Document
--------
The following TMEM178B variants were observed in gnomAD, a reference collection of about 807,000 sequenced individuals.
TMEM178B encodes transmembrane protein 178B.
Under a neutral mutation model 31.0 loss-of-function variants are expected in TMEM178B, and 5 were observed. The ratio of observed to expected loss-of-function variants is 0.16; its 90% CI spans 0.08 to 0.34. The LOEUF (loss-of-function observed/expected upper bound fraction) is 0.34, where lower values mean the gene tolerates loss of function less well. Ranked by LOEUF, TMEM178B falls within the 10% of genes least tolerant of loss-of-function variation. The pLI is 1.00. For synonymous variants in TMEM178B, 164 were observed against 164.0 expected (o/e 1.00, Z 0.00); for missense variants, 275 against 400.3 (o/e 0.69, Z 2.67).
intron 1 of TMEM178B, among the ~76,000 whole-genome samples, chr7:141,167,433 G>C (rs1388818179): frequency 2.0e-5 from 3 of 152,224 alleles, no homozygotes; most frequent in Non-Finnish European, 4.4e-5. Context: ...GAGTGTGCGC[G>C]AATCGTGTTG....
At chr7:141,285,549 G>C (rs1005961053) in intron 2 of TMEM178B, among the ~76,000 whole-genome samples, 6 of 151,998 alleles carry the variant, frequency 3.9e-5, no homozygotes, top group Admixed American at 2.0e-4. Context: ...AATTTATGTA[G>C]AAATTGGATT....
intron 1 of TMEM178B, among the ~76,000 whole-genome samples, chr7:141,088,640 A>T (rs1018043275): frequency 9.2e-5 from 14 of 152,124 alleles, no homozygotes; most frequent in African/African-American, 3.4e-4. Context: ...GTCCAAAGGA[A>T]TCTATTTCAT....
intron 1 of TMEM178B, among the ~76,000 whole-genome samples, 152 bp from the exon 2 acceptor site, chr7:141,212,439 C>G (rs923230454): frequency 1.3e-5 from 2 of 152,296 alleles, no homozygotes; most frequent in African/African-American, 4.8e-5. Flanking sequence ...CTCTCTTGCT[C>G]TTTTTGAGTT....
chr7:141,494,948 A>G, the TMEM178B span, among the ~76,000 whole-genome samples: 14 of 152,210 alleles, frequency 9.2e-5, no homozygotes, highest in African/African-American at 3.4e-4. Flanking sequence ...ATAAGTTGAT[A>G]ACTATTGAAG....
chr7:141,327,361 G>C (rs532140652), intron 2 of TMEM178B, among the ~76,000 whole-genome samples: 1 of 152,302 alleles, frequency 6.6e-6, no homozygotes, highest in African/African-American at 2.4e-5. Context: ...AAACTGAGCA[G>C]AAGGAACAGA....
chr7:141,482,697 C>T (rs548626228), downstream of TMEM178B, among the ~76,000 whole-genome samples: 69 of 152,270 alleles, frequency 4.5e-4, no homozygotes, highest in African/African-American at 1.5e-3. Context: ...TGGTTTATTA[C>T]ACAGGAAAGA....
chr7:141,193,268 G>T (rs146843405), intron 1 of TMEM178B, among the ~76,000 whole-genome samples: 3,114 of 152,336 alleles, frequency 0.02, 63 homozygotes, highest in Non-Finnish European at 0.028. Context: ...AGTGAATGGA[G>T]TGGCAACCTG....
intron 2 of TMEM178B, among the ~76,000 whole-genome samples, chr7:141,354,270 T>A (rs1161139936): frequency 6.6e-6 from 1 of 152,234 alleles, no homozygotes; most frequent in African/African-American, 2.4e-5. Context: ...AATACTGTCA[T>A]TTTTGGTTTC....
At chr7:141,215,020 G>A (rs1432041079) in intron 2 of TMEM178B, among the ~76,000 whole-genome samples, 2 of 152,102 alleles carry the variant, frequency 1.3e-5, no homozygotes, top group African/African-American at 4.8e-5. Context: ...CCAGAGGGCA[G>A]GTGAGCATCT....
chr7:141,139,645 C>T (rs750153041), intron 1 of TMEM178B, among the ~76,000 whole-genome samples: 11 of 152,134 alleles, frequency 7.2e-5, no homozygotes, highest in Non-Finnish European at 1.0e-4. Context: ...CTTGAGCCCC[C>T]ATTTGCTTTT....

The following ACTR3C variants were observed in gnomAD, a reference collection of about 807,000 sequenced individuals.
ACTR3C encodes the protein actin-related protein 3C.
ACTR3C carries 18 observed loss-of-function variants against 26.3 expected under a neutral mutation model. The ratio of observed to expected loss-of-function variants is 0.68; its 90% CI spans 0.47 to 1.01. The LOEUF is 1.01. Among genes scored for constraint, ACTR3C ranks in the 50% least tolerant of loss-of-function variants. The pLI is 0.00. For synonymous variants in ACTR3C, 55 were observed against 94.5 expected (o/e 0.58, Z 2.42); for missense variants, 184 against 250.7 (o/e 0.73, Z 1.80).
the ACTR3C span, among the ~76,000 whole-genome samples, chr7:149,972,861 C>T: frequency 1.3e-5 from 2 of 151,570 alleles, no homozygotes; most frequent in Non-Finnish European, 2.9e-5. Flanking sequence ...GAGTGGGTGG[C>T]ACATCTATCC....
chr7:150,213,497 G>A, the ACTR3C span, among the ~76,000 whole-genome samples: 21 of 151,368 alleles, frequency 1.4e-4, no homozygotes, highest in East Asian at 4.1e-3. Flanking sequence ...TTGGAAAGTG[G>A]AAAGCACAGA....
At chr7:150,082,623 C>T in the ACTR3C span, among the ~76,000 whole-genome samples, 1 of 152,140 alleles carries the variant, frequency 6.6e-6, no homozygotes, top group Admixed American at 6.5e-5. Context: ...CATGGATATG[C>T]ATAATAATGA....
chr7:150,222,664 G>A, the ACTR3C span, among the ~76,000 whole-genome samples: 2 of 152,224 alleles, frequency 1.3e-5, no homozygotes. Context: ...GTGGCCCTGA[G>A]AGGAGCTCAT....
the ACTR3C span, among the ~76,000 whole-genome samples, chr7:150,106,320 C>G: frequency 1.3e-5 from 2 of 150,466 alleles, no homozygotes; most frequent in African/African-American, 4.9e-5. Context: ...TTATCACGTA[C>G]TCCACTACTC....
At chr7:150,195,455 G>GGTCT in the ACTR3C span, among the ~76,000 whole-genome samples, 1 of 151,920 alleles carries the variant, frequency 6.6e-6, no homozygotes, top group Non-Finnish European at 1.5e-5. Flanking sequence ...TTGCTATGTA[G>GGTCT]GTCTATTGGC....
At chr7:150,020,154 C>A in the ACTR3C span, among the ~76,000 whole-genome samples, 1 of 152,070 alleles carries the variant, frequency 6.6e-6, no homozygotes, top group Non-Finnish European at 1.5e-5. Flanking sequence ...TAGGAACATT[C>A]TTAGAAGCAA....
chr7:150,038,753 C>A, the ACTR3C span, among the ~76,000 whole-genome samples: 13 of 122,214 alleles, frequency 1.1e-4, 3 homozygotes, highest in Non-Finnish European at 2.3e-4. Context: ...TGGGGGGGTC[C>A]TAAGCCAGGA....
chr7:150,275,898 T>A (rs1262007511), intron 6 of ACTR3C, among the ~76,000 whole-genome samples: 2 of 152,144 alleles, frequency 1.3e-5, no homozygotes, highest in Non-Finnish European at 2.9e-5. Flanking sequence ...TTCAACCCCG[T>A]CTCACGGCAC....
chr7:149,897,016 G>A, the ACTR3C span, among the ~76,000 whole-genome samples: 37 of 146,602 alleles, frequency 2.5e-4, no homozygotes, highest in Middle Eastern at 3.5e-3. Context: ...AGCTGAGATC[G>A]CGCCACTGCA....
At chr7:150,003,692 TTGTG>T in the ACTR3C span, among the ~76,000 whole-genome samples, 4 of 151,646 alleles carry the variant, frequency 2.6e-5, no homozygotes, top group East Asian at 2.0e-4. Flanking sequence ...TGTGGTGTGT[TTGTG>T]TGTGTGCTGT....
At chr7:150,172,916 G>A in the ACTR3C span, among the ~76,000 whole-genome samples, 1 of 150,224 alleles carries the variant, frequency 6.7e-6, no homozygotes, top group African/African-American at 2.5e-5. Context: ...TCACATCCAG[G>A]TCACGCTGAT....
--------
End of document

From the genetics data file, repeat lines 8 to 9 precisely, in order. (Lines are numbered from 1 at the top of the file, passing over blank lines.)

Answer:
chr7:141,494,948 A>G, the TMEM178B span, among the ~76,000 whole-genome samples: 14 of 152,210 alleles, frequency 9.2e-5, no homozygotes, highest in African/African-American at 3.4e-4. Flanking sequence ...ATAAGTTGAT[A>G]ACTATTGAAG....
chr7:141,327,361 G>C (rs532140652), intron 2 of TMEM178B, among the ~76,000 whole-genome samples: 1 of 152,302 alleles, frequency 6.6e-6, no homozygotes, highest in African/African-American at 2.4e-5. Context: ...AAACTGAGCA[G>C]AAGGAACAGA....